All these schools and training institutes exist but the needs in number of professionals, in continuing education, in training offers are far from being covered. Much more efforts must be done, new schools and training institutions must be created, other types of trainings must be added and new strategies need to be implemented in order to establish a strong, effective and sustaining education mechanism in rehabilitation in Africa.

Policy development on disability and action plan on behalf of persons with disabilities

A series of surveys conducted by FATO [5] revealed that there remains a lot to be done regarding policy development on disability. The surveys involved 29 african countries and revealed the informations contained in the following table:

              

National development plans and Policies on Disability in Africa
Strategy on poverty reduction UN Convention on the Rights of People with Disabilities Strategy on disability Strategy or plan on physiotherapy and prosthetics & orthotics

YES
Existence Budgeted Signed Ratified Existence Budgeted Existence Budgeted
27 countries 20 countries 26 countries 19 countries 18 countries 12 countries 14 countries 11 countries
NO 2 countries

5 countries

3 countries 10 countries 10 countries 7 countries 14 countries 17 countries

Amputee rehabilitation in Africa

Generally speaking, amputee rehabilitation on the continent is performed on a multidisciplinary basis involving the surgeon, the nurse, the psychologist, the physiotherapist, the orthopaedic technologist, the social worker, etc. However, local or remote settings do not always involve all those actors. Sometimes the management stops at the amputation without any referral to a rehabilitation centre. At other times, it involves only the surgeon and the Orthopaedic technologist, and all these at the disadvantage of the amputee. National examples canstopsnational examples are worthy to be taken into account.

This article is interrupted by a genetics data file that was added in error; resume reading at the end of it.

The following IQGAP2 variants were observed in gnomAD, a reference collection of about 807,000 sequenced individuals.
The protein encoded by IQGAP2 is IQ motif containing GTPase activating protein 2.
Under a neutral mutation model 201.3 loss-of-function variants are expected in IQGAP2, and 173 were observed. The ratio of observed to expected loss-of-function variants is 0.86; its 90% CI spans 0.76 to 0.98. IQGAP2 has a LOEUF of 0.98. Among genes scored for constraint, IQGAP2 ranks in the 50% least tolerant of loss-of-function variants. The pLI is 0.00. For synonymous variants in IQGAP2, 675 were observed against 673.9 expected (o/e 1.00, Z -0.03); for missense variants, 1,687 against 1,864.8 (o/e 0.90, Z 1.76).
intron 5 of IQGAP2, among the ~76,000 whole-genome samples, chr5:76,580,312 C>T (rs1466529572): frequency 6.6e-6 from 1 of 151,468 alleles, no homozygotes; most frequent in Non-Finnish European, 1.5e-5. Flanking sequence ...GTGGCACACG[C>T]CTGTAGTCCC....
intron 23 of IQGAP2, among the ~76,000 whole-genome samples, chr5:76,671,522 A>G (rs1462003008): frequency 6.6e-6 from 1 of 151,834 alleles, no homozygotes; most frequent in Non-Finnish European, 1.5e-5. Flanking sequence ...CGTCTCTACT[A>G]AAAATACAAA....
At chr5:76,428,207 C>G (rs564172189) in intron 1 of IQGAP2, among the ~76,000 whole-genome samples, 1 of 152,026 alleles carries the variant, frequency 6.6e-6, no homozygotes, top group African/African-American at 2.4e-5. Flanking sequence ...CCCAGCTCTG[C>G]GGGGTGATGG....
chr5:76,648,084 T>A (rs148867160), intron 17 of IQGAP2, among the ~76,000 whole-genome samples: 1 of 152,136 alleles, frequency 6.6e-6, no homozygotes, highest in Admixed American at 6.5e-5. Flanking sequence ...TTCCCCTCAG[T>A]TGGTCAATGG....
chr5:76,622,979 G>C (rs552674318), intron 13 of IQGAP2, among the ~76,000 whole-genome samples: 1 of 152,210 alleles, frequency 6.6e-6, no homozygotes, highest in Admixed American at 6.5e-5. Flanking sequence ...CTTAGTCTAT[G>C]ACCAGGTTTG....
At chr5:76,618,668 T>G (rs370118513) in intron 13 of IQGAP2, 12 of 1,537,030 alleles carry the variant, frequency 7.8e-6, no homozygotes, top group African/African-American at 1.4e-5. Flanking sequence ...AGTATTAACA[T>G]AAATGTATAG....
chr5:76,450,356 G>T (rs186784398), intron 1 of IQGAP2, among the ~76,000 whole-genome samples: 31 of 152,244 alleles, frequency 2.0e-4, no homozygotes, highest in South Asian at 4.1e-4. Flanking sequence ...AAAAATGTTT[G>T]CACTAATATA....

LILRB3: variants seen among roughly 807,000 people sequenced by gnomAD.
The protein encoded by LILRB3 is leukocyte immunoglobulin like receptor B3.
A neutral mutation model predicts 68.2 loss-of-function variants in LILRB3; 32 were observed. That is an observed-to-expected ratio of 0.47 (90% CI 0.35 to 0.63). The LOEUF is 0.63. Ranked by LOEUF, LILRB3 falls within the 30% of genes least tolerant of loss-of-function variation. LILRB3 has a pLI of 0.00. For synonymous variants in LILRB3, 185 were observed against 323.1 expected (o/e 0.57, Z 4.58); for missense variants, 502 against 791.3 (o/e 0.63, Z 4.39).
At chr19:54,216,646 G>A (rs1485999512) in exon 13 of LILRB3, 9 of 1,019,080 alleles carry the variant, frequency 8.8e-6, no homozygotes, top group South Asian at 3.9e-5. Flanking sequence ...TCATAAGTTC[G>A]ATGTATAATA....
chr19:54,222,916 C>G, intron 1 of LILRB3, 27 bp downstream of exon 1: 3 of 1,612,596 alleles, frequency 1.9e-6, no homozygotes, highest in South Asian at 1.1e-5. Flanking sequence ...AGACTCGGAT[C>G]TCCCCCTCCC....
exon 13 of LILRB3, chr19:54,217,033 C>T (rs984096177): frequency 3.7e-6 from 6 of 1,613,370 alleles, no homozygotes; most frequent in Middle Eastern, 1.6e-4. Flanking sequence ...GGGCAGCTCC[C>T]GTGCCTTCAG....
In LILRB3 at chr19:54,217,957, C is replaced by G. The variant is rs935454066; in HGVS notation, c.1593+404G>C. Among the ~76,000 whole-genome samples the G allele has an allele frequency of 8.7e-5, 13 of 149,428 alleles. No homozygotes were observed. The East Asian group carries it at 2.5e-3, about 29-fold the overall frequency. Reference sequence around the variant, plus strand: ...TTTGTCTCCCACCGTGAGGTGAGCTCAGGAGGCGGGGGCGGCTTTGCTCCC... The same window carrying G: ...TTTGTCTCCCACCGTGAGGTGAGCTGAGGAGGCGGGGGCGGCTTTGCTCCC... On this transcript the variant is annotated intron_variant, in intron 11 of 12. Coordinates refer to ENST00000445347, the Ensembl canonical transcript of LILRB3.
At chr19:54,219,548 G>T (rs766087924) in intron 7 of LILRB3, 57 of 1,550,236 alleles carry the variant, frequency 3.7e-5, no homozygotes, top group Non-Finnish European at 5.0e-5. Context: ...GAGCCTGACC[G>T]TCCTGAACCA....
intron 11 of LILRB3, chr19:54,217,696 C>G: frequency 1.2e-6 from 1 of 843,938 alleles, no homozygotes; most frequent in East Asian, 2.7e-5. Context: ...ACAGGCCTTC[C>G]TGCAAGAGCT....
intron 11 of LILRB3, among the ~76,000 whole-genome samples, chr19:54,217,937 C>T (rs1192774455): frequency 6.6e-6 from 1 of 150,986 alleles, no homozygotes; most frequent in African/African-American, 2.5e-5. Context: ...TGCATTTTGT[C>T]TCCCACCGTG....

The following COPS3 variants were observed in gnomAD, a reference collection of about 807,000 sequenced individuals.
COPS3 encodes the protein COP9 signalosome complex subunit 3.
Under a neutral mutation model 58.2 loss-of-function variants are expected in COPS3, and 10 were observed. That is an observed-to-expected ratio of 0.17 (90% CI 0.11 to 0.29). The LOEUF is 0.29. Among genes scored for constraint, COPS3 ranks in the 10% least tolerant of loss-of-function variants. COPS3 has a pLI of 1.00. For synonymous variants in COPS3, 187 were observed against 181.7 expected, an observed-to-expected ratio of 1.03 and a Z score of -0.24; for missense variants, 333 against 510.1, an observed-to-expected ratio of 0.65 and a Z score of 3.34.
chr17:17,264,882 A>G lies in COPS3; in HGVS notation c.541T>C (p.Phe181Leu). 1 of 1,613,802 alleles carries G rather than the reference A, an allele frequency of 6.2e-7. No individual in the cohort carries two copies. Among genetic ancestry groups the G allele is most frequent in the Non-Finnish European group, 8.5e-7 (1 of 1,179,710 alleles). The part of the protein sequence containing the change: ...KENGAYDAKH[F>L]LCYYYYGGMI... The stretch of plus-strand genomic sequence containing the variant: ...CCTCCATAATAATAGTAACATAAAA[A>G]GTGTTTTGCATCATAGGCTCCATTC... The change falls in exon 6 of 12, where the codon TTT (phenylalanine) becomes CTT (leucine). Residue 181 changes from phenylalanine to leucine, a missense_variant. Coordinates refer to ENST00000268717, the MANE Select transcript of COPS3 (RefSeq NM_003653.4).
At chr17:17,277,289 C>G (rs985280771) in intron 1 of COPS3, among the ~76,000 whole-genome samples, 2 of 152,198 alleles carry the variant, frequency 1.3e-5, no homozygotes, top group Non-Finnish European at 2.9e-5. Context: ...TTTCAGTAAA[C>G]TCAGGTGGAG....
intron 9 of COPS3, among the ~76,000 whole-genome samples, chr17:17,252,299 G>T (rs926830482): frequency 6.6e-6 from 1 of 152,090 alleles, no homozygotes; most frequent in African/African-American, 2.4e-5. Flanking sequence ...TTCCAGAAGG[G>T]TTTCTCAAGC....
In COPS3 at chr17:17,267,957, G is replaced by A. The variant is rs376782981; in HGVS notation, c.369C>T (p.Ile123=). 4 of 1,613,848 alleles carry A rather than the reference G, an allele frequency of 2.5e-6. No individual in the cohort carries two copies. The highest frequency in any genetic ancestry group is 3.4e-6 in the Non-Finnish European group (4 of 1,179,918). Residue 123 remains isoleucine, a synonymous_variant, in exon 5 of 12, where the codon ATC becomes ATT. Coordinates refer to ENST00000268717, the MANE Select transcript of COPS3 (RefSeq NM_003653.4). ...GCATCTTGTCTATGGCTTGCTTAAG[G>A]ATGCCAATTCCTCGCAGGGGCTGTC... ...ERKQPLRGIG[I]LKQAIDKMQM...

Case studies

Very little could be gathered on amputee rehabilitation in Africa in the literature; however national cases can be taken into account :

Case 1 : South Africa (example of the Western Cape)

J.P. Fredericks (2012) [6] reported that the Western Cape Department of health (WCDoH) published clinical guidelines on rehabilitation and prosthetic prescription for lower limb amputees in 2010. The purpose of the guidelines is to ensure that persons who underwent lower limb amputations in Western Cape Department of Health facilities are optimally rehabilitated and that appropriate candidates are referred for prosthetic rehabilitation. The objectives of the guidelines are to: